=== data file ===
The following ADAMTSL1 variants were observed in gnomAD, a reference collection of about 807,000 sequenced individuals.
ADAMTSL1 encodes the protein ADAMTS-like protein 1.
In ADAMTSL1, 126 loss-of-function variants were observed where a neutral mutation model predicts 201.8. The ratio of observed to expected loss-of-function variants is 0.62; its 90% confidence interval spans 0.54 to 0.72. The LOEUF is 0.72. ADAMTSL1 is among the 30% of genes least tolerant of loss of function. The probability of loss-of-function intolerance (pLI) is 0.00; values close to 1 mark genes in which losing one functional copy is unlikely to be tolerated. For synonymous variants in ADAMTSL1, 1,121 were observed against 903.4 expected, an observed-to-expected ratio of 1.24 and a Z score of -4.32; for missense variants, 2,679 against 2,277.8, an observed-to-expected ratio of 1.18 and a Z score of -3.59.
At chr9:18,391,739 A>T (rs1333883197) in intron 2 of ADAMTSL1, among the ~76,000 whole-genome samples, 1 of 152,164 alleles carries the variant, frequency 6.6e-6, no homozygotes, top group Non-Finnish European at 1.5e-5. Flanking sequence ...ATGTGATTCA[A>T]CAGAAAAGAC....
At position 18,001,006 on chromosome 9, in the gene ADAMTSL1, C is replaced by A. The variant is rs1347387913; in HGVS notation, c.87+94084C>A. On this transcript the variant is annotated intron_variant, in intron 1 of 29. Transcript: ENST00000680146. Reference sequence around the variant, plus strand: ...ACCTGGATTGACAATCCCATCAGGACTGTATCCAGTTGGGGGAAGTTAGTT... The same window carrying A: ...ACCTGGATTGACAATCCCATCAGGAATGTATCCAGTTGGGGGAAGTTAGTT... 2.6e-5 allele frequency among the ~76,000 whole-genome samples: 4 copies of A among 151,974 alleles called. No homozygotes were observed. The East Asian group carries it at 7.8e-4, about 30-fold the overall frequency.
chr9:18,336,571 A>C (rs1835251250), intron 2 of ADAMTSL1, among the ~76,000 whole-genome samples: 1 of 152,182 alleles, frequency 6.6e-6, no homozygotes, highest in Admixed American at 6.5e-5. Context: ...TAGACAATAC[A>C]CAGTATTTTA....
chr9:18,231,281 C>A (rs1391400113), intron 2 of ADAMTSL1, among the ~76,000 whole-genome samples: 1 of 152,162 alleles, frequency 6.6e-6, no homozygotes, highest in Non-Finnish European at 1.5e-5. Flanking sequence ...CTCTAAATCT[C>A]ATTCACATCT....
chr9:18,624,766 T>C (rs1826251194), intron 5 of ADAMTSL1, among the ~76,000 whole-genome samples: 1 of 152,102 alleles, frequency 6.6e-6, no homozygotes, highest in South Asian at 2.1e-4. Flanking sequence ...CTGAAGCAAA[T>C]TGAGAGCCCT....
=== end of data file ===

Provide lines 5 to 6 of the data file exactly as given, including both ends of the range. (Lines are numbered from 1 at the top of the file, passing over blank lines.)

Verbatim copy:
At position 18,001,006 on chromosome 9, in the gene ADAMTSL1, C is replaced by A. The variant is rs1347387913; in HGVS notation, c.87+94084C>A. On this transcript the variant is annotated intron_variant, in intron 1 of 29. Transcript: ENST00000680146. Reference sequence around the variant, plus strand: ...ACCTGGATTGACAATCCCATCAGGACTGTATCCAGTTGGGGGAAGTTAGTT... The same window carrying A: ...ACCTGGATTGACAATCCCATCAGGAATGTATCCAGTTGGGGGAAGTTAGTT... 2.6e-5 allele frequency among the ~76,000 whole-genome samples: 4 copies of A among 151,974 alleles called. No homozygotes were observed. The East Asian group carries it at 7.8e-4, about 30-fold the overall frequency.
chr9:18,336,571 A>C (rs1835251250), intron 2 of ADAMTSL1, among the ~76,000 whole-genome samples: 1 of 152,182 alleles, frequency 6.6e-6, no homozygotes, highest in Admixed American at 6.5e-5. Context: ...TAGACAATAC[A>C]CAGTATTTTA....